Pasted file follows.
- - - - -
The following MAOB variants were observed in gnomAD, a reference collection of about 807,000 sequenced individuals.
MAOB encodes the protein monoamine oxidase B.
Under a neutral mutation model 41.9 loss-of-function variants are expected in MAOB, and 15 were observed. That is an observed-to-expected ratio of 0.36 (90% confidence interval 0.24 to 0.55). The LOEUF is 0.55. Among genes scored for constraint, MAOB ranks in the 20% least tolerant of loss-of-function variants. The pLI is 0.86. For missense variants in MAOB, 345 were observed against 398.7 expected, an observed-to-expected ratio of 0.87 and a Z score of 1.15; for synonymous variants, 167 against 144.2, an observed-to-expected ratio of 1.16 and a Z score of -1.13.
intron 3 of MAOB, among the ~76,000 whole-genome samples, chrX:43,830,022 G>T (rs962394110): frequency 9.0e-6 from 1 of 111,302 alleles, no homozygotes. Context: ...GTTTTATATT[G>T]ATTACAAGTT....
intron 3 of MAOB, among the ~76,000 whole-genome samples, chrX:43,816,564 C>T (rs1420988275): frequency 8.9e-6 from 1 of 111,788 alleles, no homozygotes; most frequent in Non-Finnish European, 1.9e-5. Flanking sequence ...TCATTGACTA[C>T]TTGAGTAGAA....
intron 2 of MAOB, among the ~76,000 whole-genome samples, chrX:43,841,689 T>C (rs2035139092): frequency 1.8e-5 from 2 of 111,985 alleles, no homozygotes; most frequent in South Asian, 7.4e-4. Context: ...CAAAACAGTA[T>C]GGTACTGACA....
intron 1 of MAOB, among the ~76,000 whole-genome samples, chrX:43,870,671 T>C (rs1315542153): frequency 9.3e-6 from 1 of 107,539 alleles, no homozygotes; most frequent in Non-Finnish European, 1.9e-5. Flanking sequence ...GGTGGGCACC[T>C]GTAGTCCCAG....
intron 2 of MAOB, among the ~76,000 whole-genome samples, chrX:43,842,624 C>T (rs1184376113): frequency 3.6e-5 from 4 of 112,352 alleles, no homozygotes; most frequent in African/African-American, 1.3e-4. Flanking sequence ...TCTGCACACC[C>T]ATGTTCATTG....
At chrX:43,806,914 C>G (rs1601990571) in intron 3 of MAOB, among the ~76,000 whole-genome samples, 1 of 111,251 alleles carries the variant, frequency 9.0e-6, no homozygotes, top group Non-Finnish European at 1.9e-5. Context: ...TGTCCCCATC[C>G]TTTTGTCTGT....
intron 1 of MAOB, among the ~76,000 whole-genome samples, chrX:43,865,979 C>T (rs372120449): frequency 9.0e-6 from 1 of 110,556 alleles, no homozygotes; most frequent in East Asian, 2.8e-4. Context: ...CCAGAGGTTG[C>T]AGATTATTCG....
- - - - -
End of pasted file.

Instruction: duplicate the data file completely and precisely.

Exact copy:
The following MAOB variants were observed in gnomAD, a reference collection of about 807,000 sequenced individuals.
MAOB encodes the protein monoamine oxidase B.
Under a neutral mutation model 41.9 loss-of-function variants are expected in MAOB, and 15 were observed. That is an observed-to-expected ratio of 0.36 (90% confidence interval 0.24 to 0.55). The LOEUF is 0.55. Among genes scored for constraint, MAOB ranks in the 20% least tolerant of loss-of-function variants. The pLI is 0.86. For missense variants in MAOB, 345 were observed against 398.7 expected, an observed-to-expected ratio of 0.87 and a Z score of 1.15; for synonymous variants, 167 against 144.2, an observed-to-expected ratio of 1.16 and a Z score of -1.13.
intron 3 of MAOB, among the ~76,000 whole-genome samples, chrX:43,830,022 G>T (rs962394110): frequency 9.0e-6 from 1 of 111,302 alleles, no homozygotes. Context: ...GTTTTATATT[G>T]ATTACAAGTT....
intron 3 of MAOB, among the ~76,000 whole-genome samples, chrX:43,816,564 C>T (rs1420988275): frequency 8.9e-6 from 1 of 111,788 alleles, no homozygotes; most frequent in Non-Finnish European, 1.9e-5. Flanking sequence ...TCATTGACTA[C>T]TTGAGTAGAA....
intron 2 of MAOB, among the ~76,000 whole-genome samples, chrX:43,841,689 T>C (rs2035139092): frequency 1.8e-5 from 2 of 111,985 alleles, no homozygotes; most frequent in South Asian, 7.4e-4. Context: ...CAAAACAGTA[T>C]GGTACTGACA....
intron 1 of MAOB, among the ~76,000 whole-genome samples, chrX:43,870,671 T>C (rs1315542153): frequency 9.3e-6 from 1 of 107,539 alleles, no homozygotes; most frequent in Non-Finnish European, 1.9e-5. Flanking sequence ...GGTGGGCACC[T>C]GTAGTCCCAG....
intron 2 of MAOB, among the ~76,000 whole-genome samples, chrX:43,842,624 C>T (rs1184376113): frequency 3.6e-5 from 4 of 112,352 alleles, no homozygotes; most frequent in African/African-American, 1.3e-4. Flanking sequence ...TCTGCACACC[C>T]ATGTTCATTG....
At chrX:43,806,914 C>G (rs1601990571) in intron 3 of MAOB, among the ~76,000 whole-genome samples, 1 of 111,251 alleles carries the variant, frequency 9.0e-6, no homozygotes, top group Non-Finnish European at 1.9e-5. Context: ...TGTCCCCATC[C>G]TTTTGTCTGT....
intron 1 of MAOB, among the ~76,000 whole-genome samples, chrX:43,865,979 C>T (rs372120449): frequency 9.0e-6 from 1 of 110,556 alleles, no homozygotes; most frequent in East Asian, 2.8e-4. Context: ...CCAGAGGTTG[C>T]AGATTATTCG....